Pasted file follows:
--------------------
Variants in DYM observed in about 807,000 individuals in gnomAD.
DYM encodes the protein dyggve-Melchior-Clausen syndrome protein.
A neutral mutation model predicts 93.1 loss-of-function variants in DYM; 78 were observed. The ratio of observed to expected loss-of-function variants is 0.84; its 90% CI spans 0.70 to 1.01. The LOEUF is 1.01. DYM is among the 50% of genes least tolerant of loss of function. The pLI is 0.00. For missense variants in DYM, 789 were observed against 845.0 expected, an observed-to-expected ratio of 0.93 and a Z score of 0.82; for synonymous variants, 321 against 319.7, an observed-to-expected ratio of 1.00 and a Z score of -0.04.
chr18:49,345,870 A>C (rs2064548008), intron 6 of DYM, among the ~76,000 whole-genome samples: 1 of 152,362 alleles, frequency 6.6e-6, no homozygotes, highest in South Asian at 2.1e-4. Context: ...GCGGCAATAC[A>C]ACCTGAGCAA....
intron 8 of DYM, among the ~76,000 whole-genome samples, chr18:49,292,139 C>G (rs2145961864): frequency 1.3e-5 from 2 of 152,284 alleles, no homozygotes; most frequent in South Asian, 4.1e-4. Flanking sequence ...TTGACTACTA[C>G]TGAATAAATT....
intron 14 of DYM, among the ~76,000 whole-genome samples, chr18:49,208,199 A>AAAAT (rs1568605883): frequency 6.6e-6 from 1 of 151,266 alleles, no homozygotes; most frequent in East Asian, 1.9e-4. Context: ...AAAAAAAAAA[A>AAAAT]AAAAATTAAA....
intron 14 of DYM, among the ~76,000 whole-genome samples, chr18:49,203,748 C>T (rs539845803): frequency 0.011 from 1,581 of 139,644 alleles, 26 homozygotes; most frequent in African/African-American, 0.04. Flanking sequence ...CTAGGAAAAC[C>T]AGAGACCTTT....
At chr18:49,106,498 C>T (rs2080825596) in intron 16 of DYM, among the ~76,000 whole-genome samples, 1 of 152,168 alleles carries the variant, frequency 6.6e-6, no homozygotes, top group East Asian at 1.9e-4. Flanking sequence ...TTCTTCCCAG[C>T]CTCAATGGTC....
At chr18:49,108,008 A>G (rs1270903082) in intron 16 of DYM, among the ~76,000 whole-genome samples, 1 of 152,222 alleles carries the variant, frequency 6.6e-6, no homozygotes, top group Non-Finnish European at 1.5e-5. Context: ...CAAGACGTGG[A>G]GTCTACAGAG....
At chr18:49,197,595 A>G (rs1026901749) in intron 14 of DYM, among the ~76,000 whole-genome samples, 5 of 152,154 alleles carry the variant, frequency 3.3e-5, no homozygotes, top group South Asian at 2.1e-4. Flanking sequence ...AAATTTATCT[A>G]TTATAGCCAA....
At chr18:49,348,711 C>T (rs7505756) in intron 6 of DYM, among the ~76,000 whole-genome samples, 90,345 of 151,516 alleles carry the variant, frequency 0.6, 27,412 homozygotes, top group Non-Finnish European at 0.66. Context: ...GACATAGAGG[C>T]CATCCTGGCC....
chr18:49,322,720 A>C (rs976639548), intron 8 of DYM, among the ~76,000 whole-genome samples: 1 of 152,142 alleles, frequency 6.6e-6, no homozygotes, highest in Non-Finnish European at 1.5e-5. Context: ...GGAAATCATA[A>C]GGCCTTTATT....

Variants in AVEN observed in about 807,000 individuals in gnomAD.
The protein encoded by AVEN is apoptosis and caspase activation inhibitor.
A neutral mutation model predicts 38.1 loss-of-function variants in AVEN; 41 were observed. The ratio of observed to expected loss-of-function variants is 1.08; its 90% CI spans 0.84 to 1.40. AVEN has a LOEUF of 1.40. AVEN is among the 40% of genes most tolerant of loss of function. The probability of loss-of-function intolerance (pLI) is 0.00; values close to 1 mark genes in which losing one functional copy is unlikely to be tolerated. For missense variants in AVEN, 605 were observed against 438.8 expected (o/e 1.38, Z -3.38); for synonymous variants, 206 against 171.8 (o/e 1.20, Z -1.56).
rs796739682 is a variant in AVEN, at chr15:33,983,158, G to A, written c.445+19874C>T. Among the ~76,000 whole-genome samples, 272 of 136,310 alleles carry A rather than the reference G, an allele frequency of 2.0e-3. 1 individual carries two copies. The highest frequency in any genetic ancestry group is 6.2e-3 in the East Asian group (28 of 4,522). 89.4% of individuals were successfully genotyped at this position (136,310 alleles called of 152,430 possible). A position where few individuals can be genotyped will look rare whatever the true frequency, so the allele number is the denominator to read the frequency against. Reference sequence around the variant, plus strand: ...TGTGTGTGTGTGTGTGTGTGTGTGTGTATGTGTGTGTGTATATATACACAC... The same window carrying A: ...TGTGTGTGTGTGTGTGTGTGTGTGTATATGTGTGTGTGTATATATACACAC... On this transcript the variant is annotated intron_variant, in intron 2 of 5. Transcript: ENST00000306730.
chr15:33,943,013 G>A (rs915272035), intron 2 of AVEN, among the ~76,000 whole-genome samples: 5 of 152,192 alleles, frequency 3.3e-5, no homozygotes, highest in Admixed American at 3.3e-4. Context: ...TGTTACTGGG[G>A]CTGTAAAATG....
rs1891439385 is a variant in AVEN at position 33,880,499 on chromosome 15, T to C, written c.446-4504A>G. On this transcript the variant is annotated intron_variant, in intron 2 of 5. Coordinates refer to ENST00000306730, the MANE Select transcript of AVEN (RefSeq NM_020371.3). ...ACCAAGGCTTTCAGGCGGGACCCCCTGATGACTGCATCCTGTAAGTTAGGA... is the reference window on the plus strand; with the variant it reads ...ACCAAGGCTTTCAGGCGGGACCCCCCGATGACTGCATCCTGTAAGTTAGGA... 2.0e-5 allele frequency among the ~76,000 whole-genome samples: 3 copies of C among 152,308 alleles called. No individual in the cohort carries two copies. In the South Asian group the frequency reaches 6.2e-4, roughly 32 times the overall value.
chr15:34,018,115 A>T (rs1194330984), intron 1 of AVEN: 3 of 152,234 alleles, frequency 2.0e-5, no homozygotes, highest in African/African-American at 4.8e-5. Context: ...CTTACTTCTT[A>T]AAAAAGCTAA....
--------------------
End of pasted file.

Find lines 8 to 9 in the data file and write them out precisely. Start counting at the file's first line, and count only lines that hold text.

At chr18:49,106,498 C>T (rs2080825596) in intron 16 of DYM, among the ~76,000 whole-genome samples, 1 of 152,168 alleles carries the variant, frequency 6.6e-6, no homozygotes, top group East Asian at 1.9e-4. Flanking sequence ...TTCTTCCCAG[C>T]CTCAATGGTC....
At chr18:49,108,008 A>G (rs1270903082) in intron 16 of DYM, among the ~76,000 whole-genome samples, 1 of 152,222 alleles carries the variant, frequency 6.6e-6, no homozygotes, top group Non-Finnish European at 1.5e-5. Context: ...CAAGACGTGG[A>G]GTCTACAGAG....